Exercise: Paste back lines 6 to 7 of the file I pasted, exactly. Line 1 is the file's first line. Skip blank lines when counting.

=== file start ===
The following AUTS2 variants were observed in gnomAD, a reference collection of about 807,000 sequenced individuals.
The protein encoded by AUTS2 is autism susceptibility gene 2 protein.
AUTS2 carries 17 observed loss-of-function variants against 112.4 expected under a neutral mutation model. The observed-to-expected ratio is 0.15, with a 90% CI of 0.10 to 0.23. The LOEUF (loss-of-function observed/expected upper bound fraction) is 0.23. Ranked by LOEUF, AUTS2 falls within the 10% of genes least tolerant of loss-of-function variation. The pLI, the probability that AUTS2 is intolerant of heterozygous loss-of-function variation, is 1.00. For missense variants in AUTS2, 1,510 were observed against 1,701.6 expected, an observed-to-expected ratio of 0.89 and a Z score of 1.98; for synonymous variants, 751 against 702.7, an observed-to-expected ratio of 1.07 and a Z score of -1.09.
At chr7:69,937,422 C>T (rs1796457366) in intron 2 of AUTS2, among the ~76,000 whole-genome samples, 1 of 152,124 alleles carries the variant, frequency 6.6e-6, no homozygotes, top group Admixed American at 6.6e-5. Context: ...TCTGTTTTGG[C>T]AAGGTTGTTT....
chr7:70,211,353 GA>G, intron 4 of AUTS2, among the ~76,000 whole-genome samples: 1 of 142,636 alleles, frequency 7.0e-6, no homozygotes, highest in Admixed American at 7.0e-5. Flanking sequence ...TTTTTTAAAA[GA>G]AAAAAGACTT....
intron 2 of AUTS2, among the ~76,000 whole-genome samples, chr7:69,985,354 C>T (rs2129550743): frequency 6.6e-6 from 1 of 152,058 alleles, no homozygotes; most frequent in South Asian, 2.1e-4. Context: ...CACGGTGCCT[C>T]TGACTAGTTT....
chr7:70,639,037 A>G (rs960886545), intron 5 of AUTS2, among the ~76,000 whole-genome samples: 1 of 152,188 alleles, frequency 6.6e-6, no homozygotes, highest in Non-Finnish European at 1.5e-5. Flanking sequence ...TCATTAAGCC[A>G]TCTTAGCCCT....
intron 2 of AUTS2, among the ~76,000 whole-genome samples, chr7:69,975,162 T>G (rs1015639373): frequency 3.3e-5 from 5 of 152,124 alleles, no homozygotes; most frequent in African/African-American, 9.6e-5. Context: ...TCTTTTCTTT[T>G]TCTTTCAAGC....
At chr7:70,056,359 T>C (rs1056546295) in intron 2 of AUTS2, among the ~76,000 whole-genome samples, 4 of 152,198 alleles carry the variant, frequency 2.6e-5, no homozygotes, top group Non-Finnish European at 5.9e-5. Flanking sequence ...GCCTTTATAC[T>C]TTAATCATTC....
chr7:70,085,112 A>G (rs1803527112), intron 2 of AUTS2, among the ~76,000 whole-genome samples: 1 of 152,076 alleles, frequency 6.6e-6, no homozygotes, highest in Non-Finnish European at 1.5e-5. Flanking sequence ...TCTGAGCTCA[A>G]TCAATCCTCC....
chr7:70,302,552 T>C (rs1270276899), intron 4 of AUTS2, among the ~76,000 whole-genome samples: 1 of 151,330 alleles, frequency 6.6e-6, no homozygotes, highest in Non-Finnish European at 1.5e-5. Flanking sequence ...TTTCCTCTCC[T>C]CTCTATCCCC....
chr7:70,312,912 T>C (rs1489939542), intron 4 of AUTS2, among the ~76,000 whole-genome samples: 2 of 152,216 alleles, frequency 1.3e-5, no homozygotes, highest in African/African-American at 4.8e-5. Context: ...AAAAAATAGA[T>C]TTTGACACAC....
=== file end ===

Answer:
intron 2 of AUTS2, among the ~76,000 whole-genome samples, chr7:69,985,354 C>T (rs2129550743): frequency 6.6e-6 from 1 of 152,058 alleles, no homozygotes; most frequent in South Asian, 2.1e-4. Context: ...CACGGTGCCT[C>T]TGACTAGTTT....
chr7:70,639,037 A>G (rs960886545), intron 5 of AUTS2, among the ~76,000 whole-genome samples: 1 of 152,188 alleles, frequency 6.6e-6, no homozygotes, highest in Non-Finnish European at 1.5e-5. Flanking sequence ...TCATTAAGCC[A>G]TCTTAGCCCT....